earth friday

Communities in the Four Corners — where the borders of Colorado, Utah, New Mexico and Arizona meet — have been bouncing between desperately dry and record-breaking moisture since the winter of 2017, forcing people dependent on the reliability and predictability of water to adapt

“We’ve set records almost every year, good or bad. So hot, so dry. So much snow, the river’s too high. It’s just incredibly bipolar”

Luke Runyon, KUNC . “Climate Whiplash Test Four Corners Communities’ Ability to Adapt.” October 9, 2019.

Autumn

autumn 2019 Sony RX1003 f/2.8 1/125s 12.2mm 80 ISO

Land Acknowedment:

Colorado State University acknowledges, with respect, that the land we are on today is the traditional and ancestral homelands of the Arapaho, Cheyenne, and Ute Nations and Peoples. This was also a site of trade, gathering, and healing for numerous other native tribes. We recognize the indigenous peoples as original steward of this land and all the relatives within it. As these words of acknowledgment are spoken and heard, the ties nations have to their traditional homelands are renewed and reaffirmed.

imaginary birds and dragons, in flight

Cameron Pass (summer 2018)… Nikon D750 f/7.1 1/800s 85mm 160 ISO

across a concealed blue sky, drifting signs

imaginary birds and dragons, in flight

aimless shifting stories, impermanent

gathering and dispersing, obscure particles

empty of clouds

post inspired by Travel with Intent’s Six Word Saturday

earth friday

If there be no little pines in the field
How shall I find the symbol of 1000 ages?

~The Diary of Murasaki Shikibu (cited: Diaries of Court Ladies of Old Japan)

Snowy Range, Wyoming (2018) … Nikon D750 f/4 1/2000 34mm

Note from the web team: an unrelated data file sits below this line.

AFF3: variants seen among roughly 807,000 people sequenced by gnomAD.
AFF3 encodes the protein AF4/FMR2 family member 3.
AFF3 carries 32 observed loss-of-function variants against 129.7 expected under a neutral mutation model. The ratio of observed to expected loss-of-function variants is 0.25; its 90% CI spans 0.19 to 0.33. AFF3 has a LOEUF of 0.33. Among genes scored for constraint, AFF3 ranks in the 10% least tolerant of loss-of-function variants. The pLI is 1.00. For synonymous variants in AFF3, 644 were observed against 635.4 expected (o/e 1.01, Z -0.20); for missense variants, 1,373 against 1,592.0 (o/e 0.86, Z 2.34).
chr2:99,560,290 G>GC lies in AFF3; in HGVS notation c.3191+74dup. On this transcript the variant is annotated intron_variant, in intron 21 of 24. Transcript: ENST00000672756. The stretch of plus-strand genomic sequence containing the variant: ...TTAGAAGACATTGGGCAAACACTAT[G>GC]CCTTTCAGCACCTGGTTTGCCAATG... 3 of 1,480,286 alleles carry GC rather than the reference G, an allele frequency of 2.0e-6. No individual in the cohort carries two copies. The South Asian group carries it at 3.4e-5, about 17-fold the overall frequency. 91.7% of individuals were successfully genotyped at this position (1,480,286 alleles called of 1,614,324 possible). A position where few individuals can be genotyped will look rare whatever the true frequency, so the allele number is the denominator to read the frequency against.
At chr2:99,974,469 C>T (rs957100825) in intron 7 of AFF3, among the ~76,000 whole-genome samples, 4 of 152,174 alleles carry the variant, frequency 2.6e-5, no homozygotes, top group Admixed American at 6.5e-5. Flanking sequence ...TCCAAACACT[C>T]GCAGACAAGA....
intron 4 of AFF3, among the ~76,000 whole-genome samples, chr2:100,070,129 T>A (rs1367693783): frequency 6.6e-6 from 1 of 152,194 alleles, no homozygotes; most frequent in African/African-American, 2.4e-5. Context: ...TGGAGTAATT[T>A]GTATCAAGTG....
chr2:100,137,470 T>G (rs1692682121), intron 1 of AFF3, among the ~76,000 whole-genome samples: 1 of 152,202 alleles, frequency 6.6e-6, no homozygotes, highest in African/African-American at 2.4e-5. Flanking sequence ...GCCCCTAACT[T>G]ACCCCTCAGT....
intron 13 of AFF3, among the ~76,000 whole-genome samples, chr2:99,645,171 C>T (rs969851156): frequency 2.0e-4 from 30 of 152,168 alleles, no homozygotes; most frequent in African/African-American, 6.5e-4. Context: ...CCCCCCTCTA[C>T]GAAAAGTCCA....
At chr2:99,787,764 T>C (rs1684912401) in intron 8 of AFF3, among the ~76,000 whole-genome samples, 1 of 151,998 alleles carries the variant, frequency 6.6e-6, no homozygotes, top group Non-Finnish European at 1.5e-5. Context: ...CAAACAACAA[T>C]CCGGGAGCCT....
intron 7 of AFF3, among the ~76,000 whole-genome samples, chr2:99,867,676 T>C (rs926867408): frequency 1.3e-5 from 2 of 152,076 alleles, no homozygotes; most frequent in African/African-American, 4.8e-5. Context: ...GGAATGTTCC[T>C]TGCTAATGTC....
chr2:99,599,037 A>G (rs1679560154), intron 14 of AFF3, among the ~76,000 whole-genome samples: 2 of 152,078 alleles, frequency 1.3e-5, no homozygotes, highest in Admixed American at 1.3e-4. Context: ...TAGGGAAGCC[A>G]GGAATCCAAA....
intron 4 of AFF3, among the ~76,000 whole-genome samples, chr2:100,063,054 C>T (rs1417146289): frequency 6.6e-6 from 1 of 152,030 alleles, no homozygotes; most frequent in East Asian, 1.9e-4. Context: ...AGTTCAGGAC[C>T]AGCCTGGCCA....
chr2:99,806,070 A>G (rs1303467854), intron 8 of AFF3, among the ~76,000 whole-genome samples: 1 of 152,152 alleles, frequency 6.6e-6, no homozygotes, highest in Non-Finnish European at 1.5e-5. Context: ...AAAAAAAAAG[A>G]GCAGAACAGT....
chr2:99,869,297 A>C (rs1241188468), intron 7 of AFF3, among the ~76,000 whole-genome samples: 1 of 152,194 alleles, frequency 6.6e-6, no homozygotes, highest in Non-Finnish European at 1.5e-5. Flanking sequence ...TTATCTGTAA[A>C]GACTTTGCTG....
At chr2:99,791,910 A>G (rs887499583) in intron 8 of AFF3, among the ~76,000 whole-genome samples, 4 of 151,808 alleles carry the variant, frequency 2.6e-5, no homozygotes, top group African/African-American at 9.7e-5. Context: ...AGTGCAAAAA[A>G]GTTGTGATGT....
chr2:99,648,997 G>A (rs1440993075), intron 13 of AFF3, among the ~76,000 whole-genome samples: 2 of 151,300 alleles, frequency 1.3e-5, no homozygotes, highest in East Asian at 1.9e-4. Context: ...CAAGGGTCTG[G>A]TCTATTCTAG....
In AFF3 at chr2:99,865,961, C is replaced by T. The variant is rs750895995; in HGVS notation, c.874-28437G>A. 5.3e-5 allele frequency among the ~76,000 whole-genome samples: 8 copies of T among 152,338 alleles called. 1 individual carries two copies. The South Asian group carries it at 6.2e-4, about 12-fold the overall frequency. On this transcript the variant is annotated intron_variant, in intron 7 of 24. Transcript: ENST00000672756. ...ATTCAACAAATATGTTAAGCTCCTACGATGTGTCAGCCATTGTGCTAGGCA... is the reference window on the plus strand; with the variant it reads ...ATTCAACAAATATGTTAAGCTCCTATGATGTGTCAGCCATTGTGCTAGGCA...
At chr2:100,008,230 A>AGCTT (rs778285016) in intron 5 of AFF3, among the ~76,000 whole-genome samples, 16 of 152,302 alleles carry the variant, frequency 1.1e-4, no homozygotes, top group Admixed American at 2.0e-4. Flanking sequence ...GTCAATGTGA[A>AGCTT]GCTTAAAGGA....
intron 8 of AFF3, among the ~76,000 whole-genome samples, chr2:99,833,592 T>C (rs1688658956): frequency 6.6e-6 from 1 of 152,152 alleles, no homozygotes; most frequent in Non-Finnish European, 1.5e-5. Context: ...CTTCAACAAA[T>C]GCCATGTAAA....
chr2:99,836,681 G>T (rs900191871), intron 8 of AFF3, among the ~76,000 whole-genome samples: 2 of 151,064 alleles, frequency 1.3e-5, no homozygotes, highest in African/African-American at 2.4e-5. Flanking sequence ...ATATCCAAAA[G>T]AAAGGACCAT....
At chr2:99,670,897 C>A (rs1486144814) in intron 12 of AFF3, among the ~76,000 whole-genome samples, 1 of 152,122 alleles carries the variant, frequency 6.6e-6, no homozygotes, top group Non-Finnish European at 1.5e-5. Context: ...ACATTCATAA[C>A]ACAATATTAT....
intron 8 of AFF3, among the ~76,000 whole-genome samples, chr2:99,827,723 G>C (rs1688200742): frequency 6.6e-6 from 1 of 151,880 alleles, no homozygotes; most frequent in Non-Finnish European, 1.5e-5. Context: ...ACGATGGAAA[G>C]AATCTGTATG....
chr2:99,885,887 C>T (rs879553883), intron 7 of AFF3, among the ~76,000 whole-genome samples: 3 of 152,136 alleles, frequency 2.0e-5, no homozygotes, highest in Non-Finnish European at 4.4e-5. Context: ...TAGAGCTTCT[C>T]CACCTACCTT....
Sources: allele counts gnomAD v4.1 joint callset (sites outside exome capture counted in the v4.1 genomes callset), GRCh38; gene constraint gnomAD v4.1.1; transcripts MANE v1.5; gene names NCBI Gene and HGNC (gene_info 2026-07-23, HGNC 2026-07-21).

“These lands, siblings of the Rockies,

hold many lessons and ways of being.”

D Martinez & L Schnider (CSU) The Land Holds Memories, September 2019

“Where the prairie converges with the plains, the foothills watch. They have long been the relatives of these lands and witnesses to all adventures, explorations, and settlings. The plains and prairie have also long been partners in this space; they are the original innovators, the knowers and teachers. The foothills remain present as protectors of those west winds and incubators of the snow and rain that feed these spaces, peoples, and purposes.

Our sense of this place, our sense of this land, is beckoned through this convergence and their an­cestral traditions. Waters flow in snake rivers, are cradled in valleys where corn and long grasses, such as Indian ricegrass and needlegrass, grew and grow, dozens of flowers, includ­ing prickly poppy, yucca, rabbitbrush, and prairie sunflowers, bloom and nestle; these are the homes for the bison, prong­horn, and deer, as well as swift fox, burrowing owls, and gold­en eagles.

These lands, siblings of the Rockies, hold many lessons and ways of being. The clay still holds knowledge and foot­prints of beings, events, and experiences. It, the clay, waits for new stories and new understandings. Communities were here over 12,000 years ago; those were the times of the mammoth. And, although they are often called the Paleo-Indians, they were here: relatives, ancestors of societies and knowers of land, sensors of place, and practitioners of purpose….”

dogwood photography’s composition: color theory

Week 41 Composition: Color Theory (Color Theory is a huge part of composition that most photographers don’t explore. So it is time to explore it. Use Color Grading to create an image that looks like it is a still from a movie.)

Nikon D750 f/7.1 1/400s 85mm 900 ISO

Image submitted in response to Dogwood Photography’s annual 52-week photography challenge.